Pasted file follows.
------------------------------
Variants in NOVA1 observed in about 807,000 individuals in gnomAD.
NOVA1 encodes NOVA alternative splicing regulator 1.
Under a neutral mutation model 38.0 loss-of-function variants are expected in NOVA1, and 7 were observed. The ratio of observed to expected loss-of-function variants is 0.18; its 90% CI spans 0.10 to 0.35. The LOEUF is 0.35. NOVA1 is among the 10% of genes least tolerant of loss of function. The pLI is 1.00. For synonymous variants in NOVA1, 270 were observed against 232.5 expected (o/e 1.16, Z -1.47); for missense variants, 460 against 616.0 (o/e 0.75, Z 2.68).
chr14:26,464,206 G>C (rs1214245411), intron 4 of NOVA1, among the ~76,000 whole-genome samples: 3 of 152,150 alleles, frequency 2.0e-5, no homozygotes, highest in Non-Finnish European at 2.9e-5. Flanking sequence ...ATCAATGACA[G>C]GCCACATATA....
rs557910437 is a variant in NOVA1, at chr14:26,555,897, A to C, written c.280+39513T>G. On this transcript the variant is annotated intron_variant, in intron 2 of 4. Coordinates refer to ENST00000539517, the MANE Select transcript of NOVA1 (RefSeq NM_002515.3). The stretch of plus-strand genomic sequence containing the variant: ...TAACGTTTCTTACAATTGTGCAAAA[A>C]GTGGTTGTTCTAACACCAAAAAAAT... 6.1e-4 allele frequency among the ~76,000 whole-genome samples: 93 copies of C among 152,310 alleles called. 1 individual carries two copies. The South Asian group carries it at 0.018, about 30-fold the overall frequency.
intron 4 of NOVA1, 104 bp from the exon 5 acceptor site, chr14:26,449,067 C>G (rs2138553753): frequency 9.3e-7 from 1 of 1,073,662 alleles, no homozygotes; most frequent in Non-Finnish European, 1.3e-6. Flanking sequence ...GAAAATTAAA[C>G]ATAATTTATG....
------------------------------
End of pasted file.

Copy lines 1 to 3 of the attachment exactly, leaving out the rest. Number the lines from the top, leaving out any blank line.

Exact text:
Variants in NOVA1 observed in about 807,000 individuals in gnomAD.
NOVA1 encodes NOVA alternative splicing regulator 1.
Under a neutral mutation model 38.0 loss-of-function variants are expected in NOVA1, and 7 were observed. The ratio of observed to expected loss-of-function variants is 0.18; its 90% CI spans 0.10 to 0.35. The LOEUF is 0.35. NOVA1 is among the 10% of genes least tolerant of loss of function. The pLI is 1.00. For synonymous variants in NOVA1, 270 were observed against 232.5 expected (o/e 1.16, Z -1.47); for missense variants, 460 against 616.0 (o/e 0.75, Z 2.68).